Mick Silva’s Advice for Writers; Narnia’s Makeover for High King Peter

Silva ponders

Mick Silva on the voice of the Christian writer.

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High King Peter of Narnia’s “small mind”

In C.S. Lewis’s The Chronicles of Narnia, High King Peter did *not* have a “small mind.” But it seems that American filmmakers are almost incapable of portraying a valiant, decisive, noble leader. It’s as if we don’t believe it’s possible anymore.

Aragorn, that great king in Tolkien’s The Lord of the Rings, was given a Hamlet-like complex, a severe insecurity, and all kinds of debilitating doubts by the filmmakers. In the Narnia movies, it appears that High King Peter is about to fall victim to the same disease.

See what Steven D. Greydanus reports from the Prince Caspian junket, over at ArtsandFaith.com. He recounts what was said about revisions to Peter’s character. Apparently High King Peter now has a big ego, but a small mind. So much for the noble, mature leader of Lewis’s world.

Now remember, Lewis and Tolkien didn’t mind movies being made of their stories so long as the core, the heart, the meaning of the stories remained intact. I’m more and more concerned, from the buzz I’m hearing, that Prince Caspian the Movie has little to do with the meaning of Prince Caspian the Novel. The storytellers seem to be writing in their own meanings. They shouldn’t have bothered with Lewis. They should have made up their own stories. Ahh, but then they couldn’t have exploited the beloved name of C.S. Lewis, could they?

Again, I hope I’m wrong. I hope the movie arrives and surprises us by preserving the core of Lewis’s story. But based on reports from trusted friends who have seen it, that looks less and less likely.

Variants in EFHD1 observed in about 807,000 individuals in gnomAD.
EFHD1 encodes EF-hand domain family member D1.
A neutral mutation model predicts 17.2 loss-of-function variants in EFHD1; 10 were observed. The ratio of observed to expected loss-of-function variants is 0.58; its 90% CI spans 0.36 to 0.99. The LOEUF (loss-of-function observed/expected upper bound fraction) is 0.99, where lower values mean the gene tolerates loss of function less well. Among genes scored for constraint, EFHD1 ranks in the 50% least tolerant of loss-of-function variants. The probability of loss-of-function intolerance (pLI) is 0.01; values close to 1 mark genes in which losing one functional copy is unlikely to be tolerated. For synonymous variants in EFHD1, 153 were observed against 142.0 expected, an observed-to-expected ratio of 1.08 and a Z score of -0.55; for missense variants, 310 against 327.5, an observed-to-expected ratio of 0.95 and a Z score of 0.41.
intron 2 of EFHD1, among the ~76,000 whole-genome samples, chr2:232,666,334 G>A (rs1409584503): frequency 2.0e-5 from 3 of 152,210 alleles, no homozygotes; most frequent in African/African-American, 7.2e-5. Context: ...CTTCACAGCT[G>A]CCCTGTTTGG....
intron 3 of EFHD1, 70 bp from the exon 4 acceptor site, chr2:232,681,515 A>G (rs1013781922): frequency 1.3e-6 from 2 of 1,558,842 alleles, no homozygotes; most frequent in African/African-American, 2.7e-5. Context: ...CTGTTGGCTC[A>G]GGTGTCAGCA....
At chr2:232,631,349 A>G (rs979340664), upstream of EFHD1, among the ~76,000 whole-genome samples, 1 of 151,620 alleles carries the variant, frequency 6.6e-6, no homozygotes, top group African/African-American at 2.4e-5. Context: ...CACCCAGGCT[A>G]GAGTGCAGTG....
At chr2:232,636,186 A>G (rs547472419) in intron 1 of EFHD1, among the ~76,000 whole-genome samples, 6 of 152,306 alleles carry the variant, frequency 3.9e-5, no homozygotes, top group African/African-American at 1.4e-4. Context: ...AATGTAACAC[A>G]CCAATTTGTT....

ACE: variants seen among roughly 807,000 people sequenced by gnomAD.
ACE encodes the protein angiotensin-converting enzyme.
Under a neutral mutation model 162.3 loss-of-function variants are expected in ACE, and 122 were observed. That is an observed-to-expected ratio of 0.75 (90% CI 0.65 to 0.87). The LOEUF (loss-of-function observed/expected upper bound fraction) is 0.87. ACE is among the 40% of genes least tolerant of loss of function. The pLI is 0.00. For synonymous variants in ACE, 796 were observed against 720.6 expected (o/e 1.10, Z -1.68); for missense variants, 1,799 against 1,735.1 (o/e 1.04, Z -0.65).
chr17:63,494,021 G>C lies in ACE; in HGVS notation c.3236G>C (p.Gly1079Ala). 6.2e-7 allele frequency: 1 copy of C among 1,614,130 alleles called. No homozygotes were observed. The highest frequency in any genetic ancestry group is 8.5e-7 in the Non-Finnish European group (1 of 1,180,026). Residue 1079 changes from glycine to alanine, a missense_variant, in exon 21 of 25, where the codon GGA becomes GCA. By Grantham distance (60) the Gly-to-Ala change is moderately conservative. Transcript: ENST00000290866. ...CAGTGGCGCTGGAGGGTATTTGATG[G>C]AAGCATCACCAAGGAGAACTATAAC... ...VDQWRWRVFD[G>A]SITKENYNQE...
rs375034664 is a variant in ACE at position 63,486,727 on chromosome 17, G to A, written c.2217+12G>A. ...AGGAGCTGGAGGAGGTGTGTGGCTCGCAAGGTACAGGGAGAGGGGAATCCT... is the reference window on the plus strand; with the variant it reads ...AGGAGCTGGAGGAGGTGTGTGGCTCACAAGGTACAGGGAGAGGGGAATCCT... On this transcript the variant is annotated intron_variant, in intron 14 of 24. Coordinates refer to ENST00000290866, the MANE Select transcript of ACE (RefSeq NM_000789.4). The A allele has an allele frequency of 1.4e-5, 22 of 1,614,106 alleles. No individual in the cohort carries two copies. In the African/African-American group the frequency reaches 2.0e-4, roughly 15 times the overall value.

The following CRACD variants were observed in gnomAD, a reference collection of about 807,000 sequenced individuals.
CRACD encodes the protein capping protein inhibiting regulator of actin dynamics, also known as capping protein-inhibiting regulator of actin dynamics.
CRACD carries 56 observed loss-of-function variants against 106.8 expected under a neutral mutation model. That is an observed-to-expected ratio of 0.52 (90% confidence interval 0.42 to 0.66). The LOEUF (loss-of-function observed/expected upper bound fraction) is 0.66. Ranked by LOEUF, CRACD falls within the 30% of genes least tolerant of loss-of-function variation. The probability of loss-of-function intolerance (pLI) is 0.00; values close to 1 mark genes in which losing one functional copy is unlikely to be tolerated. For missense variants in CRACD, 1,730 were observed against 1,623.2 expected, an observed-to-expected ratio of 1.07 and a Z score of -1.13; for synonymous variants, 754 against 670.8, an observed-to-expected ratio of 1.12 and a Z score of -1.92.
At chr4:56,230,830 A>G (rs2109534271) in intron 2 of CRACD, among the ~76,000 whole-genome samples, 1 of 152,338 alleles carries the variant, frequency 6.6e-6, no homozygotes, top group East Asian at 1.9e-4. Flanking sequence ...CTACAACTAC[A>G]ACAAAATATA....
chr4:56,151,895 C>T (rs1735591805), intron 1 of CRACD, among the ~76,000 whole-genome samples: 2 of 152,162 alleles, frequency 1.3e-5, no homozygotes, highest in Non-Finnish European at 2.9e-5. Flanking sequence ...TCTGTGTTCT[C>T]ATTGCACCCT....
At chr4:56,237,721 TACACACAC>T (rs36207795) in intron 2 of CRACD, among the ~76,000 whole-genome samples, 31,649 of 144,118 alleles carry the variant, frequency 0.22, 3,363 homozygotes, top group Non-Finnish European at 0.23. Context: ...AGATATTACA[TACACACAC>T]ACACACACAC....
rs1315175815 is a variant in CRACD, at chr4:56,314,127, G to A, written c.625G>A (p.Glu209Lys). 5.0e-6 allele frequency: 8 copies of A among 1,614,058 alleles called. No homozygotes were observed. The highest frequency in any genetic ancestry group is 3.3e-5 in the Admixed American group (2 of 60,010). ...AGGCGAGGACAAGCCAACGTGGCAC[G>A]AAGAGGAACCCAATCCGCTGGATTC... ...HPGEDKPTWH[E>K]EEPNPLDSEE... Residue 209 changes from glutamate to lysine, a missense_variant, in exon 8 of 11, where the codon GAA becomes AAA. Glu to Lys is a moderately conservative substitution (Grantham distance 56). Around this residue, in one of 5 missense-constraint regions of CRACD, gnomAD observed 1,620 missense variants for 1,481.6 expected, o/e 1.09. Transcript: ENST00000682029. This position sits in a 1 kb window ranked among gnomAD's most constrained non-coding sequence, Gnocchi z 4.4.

I encourage you: Read the book. Then you’ll be able to make a fair assessment not just of the movie as a movie, but of the movie as an adaptation.

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About Jeffrey Overstreet

Jeffrey Overstreet has two passions: writing fiction, and celebrating art — music, cinema, photography, literature — through writing and teaching. He is the author of a “memoir of dangerous moviegoing” — Through a Screen Darkly. And his four-novel fantasy series, The Auralia Thread, which begins with Auralia's Colors, was published by Random House. He speaks at universities and conferences around the world about understanding art through eyes of faith. He is earning his MFA in Creative Writing at Seattle Pacific University, where he has worked for 11 years as an editor, writer, and communications project manager. His work has been recognized in The New Yorker, TIME, The Seattle Times, IMAGE, Ravi Zacharias International — and Christianity Today, where he served as a film journalist for more than a decade. He recently began a weekly column called "Listening Closer" for Christ and Pop Culture.


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